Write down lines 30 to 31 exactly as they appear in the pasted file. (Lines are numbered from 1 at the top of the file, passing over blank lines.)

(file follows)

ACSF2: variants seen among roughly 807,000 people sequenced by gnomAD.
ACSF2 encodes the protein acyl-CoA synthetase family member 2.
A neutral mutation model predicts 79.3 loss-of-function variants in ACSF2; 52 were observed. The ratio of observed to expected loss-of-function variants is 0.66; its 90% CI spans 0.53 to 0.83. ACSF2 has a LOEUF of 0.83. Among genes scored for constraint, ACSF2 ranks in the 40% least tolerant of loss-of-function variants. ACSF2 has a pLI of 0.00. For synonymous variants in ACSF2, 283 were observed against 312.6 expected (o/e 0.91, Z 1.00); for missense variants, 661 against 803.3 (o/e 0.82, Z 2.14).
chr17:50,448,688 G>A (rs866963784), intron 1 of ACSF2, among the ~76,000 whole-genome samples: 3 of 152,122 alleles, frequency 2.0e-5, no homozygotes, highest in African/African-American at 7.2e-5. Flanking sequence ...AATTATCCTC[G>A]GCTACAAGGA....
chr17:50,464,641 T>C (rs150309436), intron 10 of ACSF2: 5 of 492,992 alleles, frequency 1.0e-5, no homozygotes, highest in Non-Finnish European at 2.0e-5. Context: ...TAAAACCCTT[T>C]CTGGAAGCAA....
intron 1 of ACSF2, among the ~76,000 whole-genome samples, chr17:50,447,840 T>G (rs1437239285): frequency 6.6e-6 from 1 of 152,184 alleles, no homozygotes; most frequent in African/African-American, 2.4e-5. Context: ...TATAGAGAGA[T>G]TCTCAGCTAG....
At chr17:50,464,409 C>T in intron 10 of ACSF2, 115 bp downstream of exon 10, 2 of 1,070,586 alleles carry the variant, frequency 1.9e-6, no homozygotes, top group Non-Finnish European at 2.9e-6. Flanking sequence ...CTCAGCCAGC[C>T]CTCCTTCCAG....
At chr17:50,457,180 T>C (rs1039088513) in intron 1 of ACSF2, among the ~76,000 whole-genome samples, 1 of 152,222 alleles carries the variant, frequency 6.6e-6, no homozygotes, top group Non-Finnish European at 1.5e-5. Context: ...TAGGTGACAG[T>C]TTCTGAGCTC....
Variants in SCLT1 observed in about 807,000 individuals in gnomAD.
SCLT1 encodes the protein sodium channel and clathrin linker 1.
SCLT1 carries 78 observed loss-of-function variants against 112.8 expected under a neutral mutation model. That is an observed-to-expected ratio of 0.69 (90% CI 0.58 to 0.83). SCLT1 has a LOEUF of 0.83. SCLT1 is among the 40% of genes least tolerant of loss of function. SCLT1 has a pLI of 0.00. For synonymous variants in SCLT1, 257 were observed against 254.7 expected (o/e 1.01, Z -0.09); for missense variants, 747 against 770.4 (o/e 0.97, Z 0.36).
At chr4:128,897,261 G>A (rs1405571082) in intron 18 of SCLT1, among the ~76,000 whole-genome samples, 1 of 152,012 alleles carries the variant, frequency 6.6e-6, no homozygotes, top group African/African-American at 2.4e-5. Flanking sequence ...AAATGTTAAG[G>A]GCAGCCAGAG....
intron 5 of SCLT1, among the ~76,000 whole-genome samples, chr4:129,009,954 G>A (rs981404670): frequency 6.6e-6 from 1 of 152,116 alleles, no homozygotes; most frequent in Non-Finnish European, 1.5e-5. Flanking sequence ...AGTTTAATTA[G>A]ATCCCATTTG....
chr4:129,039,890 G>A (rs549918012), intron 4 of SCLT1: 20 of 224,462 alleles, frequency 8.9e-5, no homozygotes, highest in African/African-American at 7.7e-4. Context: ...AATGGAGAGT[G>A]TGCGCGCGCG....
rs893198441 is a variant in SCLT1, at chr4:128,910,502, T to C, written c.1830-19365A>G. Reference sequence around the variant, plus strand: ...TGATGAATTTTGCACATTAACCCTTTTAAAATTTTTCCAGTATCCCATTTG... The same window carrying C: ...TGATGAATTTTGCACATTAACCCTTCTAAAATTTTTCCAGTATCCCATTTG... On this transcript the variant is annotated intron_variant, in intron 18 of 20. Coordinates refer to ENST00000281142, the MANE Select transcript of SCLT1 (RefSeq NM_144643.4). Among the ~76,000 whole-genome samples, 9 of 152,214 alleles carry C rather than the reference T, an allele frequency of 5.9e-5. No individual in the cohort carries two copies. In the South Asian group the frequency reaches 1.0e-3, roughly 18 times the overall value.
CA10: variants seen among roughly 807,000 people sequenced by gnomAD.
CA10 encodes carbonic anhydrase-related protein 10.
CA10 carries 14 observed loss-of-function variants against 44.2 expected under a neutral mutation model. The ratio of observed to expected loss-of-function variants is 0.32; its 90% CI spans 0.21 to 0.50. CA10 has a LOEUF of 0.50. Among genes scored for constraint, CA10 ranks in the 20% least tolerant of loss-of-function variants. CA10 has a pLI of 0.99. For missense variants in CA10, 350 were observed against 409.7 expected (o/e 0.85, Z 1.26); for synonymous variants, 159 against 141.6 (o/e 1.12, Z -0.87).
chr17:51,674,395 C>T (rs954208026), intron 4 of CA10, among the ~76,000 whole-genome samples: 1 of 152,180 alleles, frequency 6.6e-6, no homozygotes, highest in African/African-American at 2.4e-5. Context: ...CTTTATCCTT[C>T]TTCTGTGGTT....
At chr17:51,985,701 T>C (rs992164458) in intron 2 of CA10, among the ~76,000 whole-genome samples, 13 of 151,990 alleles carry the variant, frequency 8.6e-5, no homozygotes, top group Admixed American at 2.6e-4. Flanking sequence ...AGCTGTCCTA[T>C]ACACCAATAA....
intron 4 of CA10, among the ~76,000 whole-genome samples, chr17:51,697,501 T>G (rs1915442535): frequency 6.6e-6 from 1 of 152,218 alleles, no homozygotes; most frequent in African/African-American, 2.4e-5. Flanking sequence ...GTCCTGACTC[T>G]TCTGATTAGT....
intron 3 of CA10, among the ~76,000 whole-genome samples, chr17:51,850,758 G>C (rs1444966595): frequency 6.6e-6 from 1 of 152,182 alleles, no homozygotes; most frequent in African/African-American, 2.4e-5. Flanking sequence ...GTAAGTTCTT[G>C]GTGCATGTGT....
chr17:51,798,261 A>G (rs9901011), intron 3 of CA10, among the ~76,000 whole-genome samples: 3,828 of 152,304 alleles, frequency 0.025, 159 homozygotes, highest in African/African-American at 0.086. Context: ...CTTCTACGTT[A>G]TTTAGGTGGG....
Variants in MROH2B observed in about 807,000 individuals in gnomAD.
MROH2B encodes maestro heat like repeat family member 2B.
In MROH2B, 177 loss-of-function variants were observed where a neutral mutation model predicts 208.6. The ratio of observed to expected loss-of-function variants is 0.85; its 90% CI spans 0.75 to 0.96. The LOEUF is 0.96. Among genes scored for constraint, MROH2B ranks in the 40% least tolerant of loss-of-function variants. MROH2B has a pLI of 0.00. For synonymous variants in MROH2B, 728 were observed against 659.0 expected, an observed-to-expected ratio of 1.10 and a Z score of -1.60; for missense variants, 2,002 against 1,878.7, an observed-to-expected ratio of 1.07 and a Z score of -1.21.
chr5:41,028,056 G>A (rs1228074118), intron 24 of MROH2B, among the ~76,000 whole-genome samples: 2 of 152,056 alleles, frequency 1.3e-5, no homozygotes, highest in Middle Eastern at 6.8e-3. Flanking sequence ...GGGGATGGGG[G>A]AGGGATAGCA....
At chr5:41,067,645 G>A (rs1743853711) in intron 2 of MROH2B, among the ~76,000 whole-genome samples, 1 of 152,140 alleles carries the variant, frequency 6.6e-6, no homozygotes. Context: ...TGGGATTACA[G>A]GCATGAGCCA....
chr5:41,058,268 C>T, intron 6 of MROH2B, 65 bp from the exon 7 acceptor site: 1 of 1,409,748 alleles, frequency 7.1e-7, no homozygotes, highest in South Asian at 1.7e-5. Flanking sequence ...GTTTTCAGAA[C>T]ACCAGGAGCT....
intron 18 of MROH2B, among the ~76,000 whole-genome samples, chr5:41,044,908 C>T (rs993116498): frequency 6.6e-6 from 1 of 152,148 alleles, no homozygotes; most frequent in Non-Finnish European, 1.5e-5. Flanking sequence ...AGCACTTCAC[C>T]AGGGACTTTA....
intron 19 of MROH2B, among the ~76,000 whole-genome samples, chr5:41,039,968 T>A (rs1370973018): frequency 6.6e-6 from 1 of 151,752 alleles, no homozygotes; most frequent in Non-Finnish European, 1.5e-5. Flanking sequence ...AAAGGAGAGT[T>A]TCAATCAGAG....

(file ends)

intron 18 of MROH2B, among the ~76,000 whole-genome samples, chr5:41,044,908 C>T (rs993116498): frequency 6.6e-6 from 1 of 152,148 alleles, no homozygotes; most frequent in Non-Finnish European, 1.5e-5. Flanking sequence ...AGCACTTCAC[C>T]AGGGACTTTA....
intron 19 of MROH2B, among the ~76,000 whole-genome samples, chr5:41,039,968 T>A (rs1370973018): frequency 6.6e-6 from 1 of 151,752 alleles, no homozygotes; most frequent in Non-Finnish European, 1.5e-5. Flanking sequence ...AAAGGAGAGT[T>A]TCAATCAGAG....